I add moisture to either my kettle or my UDS, unless I am running them with a full load of meat. Usually, in my kettle, I will either have two soup cans full of water, or a cast iron skillet full of water in there. I believe that the added moisture makes for a better cooking atmosphere, offers less drying of the meat surface and moderates heat spike in the initial cook time. By the time I reach the stall, the moisture does not have an affect on how the evaporation of rendering process is going to proceed. But, I believe the added moisture does aid in not getting those jerky like surface characteristics.
I do not believe this is as important in a wood burning pit, or a gas put for that matter, as both of those processes actually release moisture as a part of the combustion of their respective fuel. But, since I burn charcoal, a fuel sources that has already had the moisture driven off, this makes a difference.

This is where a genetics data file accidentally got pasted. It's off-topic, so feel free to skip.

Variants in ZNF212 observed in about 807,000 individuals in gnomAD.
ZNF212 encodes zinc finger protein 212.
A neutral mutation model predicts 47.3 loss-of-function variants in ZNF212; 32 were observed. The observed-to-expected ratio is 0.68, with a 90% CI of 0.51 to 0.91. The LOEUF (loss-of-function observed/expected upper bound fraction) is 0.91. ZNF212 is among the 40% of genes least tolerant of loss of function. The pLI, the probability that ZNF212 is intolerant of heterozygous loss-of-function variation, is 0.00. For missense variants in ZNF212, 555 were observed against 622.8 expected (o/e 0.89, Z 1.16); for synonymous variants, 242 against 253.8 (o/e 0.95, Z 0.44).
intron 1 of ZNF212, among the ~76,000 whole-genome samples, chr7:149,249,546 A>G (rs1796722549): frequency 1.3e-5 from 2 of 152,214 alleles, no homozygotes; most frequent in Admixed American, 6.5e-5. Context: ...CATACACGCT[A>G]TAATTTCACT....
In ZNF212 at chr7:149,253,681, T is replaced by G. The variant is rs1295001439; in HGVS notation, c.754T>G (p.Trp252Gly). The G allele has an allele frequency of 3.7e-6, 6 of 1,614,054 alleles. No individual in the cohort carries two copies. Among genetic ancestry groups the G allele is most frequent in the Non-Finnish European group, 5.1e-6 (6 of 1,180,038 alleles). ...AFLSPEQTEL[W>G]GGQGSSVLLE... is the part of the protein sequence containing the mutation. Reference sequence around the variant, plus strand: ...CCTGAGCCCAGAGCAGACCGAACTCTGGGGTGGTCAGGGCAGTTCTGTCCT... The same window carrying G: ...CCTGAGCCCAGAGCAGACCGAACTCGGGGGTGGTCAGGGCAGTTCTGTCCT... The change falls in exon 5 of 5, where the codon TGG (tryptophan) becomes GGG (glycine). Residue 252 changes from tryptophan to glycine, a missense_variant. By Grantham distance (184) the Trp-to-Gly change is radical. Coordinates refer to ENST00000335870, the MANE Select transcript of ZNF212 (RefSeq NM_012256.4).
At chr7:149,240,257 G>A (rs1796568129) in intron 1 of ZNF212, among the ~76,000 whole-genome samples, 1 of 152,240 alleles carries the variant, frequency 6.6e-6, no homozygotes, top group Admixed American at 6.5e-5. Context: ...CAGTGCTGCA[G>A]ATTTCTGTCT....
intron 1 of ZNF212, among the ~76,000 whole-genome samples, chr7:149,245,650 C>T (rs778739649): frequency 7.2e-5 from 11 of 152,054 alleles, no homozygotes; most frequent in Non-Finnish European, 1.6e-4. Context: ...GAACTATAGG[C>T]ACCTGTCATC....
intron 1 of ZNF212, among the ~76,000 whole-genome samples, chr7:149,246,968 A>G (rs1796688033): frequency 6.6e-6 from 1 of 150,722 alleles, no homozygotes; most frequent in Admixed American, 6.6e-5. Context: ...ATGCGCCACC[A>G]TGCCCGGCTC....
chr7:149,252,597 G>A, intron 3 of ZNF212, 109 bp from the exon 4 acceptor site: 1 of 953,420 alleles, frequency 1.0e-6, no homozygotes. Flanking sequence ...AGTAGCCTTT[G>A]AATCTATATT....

I came to this thinking, in part, because I noticed that my best cooks have occurred either at night, or on rainy/drizzly days, where the air is naturally more humid.
I'm feeling bearish, and I'm packing a Wusthof Grand Brisket slicer from MABA
Whip It Off, Chambers!
"perhaps...but then again...maybe not..."